What are the mechanisms of action and pharmacokinetics of GABA enhancers?

Updated: Jan 28, 2020
  • Author: Juan G Ochoa, MD; Chief Editor: Selim R Benbadis, MD  more...
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Answer

Answer

Gamma-aminobutyric acid (GABA) has 2 types of receptors, A and B. When GABA binds to a GABA-A receptor, the passage of chloride, a negatively charged ion, into the cell is facilitated via chloride channels (see the image below). This influx of chloride increases the negativity of the cell (ie, a more negative resting membrane potential). This causes the cell to have greater difficulty reaching the action potential. The GABA-B receptor is linked to a potassium channel.

Gamma-aminobutyric acid (GABA)-A receptor mediates Gamma-aminobutyric acid (GABA)-A receptor mediates chloride (Cl-) influx, leading to hyperpolarization of cell and inhibition. Antiepileptic drugs may act to enhance Cl- influx or decrease GABA metabolism.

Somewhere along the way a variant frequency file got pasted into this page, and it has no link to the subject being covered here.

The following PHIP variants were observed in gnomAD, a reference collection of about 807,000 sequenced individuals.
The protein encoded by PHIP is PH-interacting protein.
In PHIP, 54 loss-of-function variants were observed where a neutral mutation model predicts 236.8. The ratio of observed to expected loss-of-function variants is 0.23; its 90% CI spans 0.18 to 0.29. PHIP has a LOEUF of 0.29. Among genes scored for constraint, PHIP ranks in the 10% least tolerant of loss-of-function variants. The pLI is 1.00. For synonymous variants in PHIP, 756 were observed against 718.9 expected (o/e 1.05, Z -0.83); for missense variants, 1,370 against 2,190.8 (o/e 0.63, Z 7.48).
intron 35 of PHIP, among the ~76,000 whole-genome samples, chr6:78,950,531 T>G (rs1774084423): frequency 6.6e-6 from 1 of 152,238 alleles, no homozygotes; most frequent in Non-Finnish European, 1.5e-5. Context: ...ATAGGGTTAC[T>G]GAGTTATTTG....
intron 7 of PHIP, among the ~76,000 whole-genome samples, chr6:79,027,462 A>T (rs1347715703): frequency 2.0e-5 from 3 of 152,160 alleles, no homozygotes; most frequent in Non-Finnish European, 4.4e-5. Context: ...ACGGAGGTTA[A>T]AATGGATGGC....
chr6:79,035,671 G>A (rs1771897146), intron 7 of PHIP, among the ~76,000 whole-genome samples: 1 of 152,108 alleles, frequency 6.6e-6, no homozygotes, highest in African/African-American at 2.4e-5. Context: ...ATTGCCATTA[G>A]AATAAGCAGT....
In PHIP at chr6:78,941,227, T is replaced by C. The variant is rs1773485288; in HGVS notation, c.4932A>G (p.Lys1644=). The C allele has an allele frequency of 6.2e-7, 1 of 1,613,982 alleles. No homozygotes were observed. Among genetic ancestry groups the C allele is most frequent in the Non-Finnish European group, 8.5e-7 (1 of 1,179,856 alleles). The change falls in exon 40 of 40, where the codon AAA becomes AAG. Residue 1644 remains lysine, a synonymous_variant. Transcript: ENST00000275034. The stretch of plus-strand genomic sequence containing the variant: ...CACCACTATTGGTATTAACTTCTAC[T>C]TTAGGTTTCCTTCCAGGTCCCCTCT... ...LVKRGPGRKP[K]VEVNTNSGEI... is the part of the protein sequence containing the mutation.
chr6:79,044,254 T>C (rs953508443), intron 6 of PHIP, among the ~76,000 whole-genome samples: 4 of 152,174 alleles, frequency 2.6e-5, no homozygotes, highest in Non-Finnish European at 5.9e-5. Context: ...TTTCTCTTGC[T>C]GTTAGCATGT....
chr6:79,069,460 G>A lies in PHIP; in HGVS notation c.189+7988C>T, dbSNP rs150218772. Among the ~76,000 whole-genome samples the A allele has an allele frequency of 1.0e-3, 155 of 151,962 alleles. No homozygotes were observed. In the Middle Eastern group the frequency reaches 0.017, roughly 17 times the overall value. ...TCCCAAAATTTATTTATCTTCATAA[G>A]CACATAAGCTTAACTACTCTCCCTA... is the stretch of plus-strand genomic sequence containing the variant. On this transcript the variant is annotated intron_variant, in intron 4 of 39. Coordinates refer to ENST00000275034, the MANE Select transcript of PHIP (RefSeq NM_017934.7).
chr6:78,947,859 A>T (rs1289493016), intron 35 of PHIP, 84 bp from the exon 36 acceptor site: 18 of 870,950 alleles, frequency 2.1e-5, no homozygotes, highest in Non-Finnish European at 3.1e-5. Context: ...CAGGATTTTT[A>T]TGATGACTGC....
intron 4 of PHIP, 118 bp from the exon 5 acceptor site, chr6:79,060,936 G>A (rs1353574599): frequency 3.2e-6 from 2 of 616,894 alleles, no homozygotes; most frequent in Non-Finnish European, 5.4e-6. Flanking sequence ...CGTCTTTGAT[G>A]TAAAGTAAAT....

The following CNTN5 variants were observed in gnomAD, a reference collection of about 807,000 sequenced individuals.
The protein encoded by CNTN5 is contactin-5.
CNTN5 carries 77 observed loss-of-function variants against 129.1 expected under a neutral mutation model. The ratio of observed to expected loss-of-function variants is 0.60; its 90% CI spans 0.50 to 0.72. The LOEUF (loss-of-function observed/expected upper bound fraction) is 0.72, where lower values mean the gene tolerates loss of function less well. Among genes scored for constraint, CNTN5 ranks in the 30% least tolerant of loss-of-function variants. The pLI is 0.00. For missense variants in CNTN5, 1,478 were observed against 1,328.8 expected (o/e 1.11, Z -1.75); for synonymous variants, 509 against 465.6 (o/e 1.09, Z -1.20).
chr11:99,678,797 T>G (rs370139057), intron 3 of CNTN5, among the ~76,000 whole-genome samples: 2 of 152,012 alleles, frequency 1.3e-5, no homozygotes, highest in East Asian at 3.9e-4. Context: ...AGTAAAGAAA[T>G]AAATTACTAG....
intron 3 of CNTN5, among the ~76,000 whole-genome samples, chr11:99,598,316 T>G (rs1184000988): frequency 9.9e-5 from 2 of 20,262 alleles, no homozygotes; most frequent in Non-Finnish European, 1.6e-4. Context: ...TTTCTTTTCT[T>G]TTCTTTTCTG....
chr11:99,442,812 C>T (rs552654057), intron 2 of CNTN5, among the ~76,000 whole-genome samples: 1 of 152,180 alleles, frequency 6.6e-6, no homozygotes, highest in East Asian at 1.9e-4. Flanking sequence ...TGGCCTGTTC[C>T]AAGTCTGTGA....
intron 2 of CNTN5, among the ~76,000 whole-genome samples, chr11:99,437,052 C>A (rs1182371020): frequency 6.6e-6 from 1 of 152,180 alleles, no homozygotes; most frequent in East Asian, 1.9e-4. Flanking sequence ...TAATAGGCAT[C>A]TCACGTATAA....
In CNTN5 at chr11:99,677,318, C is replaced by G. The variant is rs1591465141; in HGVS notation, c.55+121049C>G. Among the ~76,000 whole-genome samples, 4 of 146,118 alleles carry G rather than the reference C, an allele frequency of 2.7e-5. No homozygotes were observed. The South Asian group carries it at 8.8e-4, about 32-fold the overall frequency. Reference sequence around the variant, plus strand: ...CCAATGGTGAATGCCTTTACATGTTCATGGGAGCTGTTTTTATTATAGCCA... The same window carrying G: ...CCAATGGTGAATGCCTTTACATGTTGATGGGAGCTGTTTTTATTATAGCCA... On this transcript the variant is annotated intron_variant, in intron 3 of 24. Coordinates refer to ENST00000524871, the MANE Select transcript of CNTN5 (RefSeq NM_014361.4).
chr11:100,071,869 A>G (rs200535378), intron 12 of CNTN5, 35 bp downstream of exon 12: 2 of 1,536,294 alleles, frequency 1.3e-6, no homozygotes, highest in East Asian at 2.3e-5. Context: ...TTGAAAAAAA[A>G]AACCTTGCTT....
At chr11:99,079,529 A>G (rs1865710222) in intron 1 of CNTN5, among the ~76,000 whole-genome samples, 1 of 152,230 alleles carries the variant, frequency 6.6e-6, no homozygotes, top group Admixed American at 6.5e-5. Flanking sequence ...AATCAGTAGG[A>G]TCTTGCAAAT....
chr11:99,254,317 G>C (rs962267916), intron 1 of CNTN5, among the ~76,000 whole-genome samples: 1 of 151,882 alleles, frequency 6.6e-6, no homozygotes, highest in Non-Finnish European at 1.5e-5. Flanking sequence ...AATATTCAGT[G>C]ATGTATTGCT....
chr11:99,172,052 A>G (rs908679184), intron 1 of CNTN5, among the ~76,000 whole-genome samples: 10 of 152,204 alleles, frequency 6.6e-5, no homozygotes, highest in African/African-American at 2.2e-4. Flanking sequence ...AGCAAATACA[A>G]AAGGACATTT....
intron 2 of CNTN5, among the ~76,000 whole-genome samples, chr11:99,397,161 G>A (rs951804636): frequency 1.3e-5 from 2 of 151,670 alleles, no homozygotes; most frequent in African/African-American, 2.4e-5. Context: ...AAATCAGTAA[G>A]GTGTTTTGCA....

The GABA system can be enhanced by binding directly to GABA-A receptors, by blocking presynaptic GABA uptake, by inhibiting the metabolism of GABA by GABA transaminase, and by increasing the synthesis of GABA.

GABA is produced by decarboxylation of glutamate mediated by the enzyme glutamic acid decarboxylase (GAD). Some AEDs may act as modulators of this enzyme, enhancing the production of GABA and down-regulating glutamate (see the image below). Some AEDs function as an agonist to chloride conductance, either by blocking the reuptake of GABA (eg, tiagabine [TGB]) or by inhibiting its metabolism as mediated by GABA transaminase (eg, vigabatrin [VGB]), resulting in increased accumulation of GABA at the postsynaptic receptors.

GABA drugs and their known sites of action. GABA drugs and their known sites of action.

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